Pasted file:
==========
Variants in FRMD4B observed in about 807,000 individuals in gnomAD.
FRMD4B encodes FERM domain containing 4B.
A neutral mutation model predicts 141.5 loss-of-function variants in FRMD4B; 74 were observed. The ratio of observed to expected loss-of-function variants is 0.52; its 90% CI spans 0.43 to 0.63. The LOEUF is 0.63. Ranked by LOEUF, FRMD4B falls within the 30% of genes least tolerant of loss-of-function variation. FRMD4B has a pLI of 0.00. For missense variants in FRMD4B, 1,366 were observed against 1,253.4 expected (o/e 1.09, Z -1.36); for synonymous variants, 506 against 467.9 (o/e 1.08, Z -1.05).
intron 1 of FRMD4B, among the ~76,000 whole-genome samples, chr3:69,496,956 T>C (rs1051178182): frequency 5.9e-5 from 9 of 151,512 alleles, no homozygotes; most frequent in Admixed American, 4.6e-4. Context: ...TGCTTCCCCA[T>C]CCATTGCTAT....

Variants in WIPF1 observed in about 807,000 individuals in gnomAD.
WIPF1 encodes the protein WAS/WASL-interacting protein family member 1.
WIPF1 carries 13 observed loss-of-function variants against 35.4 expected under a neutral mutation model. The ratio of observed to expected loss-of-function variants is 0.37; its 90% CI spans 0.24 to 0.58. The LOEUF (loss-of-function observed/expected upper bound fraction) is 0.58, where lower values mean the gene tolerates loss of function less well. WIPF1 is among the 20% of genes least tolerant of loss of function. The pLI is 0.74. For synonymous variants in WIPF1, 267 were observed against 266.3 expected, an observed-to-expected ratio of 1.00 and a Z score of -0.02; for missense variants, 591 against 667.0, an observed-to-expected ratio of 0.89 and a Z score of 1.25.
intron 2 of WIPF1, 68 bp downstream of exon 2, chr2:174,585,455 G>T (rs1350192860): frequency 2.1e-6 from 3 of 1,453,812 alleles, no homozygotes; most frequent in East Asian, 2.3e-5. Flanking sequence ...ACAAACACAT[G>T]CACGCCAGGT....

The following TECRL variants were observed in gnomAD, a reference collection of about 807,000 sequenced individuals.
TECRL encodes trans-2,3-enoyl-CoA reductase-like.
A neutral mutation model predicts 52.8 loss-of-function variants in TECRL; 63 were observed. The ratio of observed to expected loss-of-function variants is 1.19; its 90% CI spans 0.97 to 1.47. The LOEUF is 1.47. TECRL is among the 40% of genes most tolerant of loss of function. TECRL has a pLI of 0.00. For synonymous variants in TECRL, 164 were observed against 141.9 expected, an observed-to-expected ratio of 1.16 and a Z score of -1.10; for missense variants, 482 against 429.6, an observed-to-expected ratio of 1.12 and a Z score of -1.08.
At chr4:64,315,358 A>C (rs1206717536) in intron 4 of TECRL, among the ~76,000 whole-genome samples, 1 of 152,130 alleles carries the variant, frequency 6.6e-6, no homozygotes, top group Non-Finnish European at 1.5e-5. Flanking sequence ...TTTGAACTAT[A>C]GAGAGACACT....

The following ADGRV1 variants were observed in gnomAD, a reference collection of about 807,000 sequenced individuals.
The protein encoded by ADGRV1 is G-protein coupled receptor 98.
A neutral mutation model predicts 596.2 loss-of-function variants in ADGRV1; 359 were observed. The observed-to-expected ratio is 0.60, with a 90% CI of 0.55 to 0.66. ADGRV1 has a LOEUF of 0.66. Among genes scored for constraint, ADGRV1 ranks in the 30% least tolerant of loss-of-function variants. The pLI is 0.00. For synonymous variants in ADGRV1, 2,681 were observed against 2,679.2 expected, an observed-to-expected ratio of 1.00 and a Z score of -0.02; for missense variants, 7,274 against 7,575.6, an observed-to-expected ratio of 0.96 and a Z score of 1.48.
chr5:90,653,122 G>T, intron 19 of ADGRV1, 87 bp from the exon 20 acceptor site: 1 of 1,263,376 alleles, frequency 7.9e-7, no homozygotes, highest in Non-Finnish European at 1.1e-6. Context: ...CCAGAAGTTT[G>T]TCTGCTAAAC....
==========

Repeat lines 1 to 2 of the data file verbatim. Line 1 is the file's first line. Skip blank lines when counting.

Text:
Variants in FRMD4B observed in about 807,000 individuals in gnomAD.
FRMD4B encodes FERM domain containing 4B.